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Environment11287 articles archived since 1845

British bumblebees are inbreeding themselves into extinction

Populations of a bumblebee species living on remote Scottish islands have a lack of genetic diversity because of many generations of inbreeding, a situation that could put the region's bumblebees at risk of extinction, according to a new study by scientists from the University of Stirling in Scotland.Penelope Whitehorn, a PhD student, presented the research at last week's annual meeting of the British Ecological Society.The study found that moss carder bumblebees ( Bombus muscorum ) living on nine Hebridean islands off the west coast of Scotland are more susceptible to diseases carried by parasites than healthier populations on the mainland...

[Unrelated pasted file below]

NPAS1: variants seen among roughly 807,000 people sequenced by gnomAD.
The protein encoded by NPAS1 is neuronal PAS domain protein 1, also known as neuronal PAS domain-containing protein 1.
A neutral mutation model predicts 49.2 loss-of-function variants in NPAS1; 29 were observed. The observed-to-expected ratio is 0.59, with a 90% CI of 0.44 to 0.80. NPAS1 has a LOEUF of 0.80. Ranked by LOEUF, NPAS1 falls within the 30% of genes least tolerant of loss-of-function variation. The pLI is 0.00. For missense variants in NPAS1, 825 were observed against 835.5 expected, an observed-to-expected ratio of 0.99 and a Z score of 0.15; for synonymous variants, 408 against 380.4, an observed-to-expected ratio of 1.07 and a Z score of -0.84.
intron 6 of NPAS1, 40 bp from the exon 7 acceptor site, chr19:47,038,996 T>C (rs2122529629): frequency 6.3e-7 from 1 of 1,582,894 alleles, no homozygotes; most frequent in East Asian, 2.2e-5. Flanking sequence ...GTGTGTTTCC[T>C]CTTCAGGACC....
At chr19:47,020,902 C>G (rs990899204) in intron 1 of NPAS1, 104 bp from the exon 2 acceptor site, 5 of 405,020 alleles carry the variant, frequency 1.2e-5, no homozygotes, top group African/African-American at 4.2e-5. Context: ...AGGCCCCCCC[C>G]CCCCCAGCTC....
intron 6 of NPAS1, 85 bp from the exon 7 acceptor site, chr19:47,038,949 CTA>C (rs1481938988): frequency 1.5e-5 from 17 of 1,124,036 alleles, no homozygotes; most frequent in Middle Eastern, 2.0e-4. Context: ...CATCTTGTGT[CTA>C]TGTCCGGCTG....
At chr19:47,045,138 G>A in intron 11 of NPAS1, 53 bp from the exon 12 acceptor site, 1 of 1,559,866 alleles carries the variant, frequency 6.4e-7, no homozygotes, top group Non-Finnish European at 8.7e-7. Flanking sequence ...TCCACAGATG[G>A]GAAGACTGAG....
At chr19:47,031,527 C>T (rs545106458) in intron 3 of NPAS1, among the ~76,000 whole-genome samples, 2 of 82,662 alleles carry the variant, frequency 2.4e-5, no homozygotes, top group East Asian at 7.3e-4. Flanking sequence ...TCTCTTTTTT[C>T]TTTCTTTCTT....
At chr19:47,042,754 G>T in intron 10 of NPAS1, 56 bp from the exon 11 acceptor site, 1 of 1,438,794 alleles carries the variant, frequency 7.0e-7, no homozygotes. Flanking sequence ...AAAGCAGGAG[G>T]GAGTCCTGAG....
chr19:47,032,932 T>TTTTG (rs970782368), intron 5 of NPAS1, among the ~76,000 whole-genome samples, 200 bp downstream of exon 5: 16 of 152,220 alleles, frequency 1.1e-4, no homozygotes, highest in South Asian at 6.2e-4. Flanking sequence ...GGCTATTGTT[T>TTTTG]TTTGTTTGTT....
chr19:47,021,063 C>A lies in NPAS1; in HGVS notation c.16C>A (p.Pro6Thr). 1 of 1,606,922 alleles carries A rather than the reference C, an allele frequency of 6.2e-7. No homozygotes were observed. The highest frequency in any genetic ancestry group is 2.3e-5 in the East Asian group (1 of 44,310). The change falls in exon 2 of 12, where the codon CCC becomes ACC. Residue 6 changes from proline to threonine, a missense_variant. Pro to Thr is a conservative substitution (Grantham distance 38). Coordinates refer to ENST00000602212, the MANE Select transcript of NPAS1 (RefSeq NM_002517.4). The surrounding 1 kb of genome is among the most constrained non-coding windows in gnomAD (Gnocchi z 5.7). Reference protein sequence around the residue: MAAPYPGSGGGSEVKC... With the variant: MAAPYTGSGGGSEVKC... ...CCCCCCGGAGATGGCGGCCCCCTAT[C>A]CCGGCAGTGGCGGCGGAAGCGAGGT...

September 13, 2010 — John Platt

Deepwater doom: Extinction threat for world's smallest sea horse

The Gulf of Mexico oil spill this year and subsequent cleanup efforts could drive the world's smallest sea horse into extinction, warns the Zoological Society of London and its marine conservation organization Project Seahorse.  The tiny dwarf sea horse ( Hippocampus zosterae ), which grows to a maximum length of 2.5 centimeters, can be found only in the ocean waters off the Gulf Coast...

September 8, 2010 — John Platt

Making a Market for Pollution

What does it take to trade in a commodity that cannot be seen or touched--and isn't even a commodity in the U.S.? The first in a three-part series

September 7, 2010 — David Biello and The Daily Climate
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